Language Services: Investment opportunities in a highly fragmented market
We are seeing lots of interest from private equity in language service providers (LSPs); potential investors are clearly attracted by growing demand, an abundance of buy-and-build opportunities, potential for service line expansion and a global supply of linguists that is largely underutilised.
Here are some questions we have helped investors answer in recent deals…
What is driving growth in translation and interpretation markets?
Globalisation is a key driver for LSPs; the world is increasingly connected through digitisation and internet access; more consumers around the globe have access to products and services from international markets and translation requirements are growing alongside this trend.
Although there are many similarities, there are clear differences between the interpretation and the translation markets in the UK, because 80% of interpreting revenue is generated from the public sector. A trend towards outsourcing by government agencies is driving growth for interpretation focussed LSPs, with the market being continually professionalised.
What threats and opportunities are posed by technology?
The threats posed by technology in replacing humans is considered very low. Many additional technological steps would be required for machine translation algorithms to surpass humans (particularly for complex languages). However, machine translation can be used as a helpful productivity tool, allowing translation businesses to deliver higher volumes of work.
Interpretation players are also seeing the benefits of a switch to remote delivery (which accelerated following the pandemic). Increased efficiency of resources, ease of booking and reduced travel costs are attractive when compared to face-to-face interpretation. Businesses that already had telephone and video capabilities in place before COVID were able to adapt quickly and had a competitive advantage during the crisis.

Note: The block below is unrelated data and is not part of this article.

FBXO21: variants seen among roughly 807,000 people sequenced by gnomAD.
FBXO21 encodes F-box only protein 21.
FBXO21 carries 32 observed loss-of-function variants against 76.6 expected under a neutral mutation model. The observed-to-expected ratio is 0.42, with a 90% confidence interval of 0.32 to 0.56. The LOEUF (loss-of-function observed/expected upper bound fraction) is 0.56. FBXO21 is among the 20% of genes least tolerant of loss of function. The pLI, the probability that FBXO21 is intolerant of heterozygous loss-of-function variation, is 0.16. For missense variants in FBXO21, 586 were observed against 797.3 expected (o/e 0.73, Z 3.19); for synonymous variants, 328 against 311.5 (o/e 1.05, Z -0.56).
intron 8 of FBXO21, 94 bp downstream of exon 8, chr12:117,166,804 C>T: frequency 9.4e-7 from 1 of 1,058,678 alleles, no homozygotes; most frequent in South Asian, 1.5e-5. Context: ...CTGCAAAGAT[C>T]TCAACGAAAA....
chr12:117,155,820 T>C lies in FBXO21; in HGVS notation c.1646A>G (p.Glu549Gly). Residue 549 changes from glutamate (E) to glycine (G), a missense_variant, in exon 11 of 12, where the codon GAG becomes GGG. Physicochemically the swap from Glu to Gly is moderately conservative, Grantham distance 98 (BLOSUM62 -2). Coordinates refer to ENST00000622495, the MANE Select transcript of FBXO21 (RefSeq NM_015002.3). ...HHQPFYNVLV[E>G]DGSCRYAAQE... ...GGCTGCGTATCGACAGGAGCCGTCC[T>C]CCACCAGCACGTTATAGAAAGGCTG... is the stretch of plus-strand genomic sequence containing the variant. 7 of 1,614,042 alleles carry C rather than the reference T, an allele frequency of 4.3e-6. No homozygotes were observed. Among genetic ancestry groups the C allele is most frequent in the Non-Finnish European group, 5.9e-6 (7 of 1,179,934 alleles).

How can businesses accelerate organic growth?
It can be difficult for translation businesses to differentiate from the outside in – strong search engine optimisation (SEO) and customer relationship management (CRM) strategies are therefore vital for maximising organic growth. SEO is very important for brand awareness and onboarding customers, but LSPs can lose out by failing to capitalise on the total opportunity (including winning additional projects and cross-selling); sharing newsletters and regular communication with customers can help to maximise revenue.
Given the fragmented market, what considerations should be made when it comes to M&A?
M&A can be used to enter new markets, gain market share in existing markets, or acquire new capabilities. Opportunities are plentiful given the highly fragmented market and recent surveys suggest many management teams would be open to investment. Whilst there are many reasons players wish to acquire other LSPs; entry into new markets, unlocking technology and quickly increasing headcount appears to be the key motivation.
Please get in touch to discuss opportunities in the language services sector.
Jack HibbsEmail Jack